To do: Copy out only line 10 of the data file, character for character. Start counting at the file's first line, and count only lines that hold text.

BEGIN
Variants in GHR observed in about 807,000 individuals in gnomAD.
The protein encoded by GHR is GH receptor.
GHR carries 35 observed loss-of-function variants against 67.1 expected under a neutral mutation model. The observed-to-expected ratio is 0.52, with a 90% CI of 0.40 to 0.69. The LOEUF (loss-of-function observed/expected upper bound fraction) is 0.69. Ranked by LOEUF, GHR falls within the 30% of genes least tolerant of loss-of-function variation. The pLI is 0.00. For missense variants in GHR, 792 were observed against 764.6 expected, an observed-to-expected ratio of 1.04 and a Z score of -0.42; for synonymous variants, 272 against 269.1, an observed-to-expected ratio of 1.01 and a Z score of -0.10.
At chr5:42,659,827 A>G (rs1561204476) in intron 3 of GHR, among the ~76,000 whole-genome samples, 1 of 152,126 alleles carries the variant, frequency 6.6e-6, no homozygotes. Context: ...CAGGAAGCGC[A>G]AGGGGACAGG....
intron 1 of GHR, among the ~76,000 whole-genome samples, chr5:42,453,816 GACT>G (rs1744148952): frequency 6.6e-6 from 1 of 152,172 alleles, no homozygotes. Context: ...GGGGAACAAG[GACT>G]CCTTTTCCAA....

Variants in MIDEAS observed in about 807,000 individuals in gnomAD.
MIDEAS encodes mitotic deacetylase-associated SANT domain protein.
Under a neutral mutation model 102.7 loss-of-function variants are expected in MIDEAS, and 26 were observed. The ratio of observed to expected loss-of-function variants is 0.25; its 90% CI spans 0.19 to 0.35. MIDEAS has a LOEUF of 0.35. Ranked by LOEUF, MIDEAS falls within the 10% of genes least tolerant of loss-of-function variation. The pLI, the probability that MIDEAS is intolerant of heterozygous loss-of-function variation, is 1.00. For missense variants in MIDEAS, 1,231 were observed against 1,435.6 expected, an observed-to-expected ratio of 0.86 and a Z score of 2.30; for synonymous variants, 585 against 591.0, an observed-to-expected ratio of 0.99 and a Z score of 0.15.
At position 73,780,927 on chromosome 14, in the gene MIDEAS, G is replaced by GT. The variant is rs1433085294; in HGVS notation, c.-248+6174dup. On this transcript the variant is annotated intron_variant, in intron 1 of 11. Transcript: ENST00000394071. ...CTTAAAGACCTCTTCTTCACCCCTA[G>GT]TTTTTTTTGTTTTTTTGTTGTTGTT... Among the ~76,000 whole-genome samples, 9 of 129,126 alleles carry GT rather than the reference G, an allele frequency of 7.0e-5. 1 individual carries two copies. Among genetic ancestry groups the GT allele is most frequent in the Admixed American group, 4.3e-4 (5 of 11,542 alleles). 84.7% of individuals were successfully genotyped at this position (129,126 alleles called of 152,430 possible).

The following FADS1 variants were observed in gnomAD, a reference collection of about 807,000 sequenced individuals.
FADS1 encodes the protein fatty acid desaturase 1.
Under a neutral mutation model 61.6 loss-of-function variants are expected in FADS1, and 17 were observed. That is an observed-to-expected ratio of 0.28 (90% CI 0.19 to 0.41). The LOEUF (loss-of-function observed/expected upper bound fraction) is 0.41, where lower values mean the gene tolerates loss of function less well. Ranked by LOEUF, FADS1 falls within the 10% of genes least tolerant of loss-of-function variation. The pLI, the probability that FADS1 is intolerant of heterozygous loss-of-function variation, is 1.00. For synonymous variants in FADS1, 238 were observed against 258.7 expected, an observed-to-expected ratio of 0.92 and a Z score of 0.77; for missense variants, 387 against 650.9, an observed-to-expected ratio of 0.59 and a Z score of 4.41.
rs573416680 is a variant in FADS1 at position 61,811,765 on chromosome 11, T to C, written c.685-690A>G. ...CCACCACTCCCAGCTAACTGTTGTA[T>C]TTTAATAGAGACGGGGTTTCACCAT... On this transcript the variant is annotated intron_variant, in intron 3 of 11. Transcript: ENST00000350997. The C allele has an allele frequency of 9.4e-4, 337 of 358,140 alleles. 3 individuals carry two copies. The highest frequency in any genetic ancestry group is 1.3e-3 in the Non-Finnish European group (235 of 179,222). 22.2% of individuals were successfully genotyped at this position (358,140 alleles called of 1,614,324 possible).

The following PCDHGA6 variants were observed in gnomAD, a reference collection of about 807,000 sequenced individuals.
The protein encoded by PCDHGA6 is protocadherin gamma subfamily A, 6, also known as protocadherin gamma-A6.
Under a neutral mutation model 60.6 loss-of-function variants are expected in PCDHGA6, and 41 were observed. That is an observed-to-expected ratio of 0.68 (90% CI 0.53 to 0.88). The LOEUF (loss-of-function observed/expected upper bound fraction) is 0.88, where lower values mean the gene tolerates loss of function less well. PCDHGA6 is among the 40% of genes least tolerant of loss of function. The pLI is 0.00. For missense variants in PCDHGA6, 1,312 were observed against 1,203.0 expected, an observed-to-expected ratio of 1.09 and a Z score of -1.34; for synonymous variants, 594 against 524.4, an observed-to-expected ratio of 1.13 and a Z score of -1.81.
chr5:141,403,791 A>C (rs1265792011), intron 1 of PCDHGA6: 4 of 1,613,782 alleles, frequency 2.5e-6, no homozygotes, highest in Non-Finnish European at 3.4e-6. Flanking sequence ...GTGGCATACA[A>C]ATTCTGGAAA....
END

The following FADS1 variants were observed in gnomAD, a reference collection of about 807,000 sequenced individuals.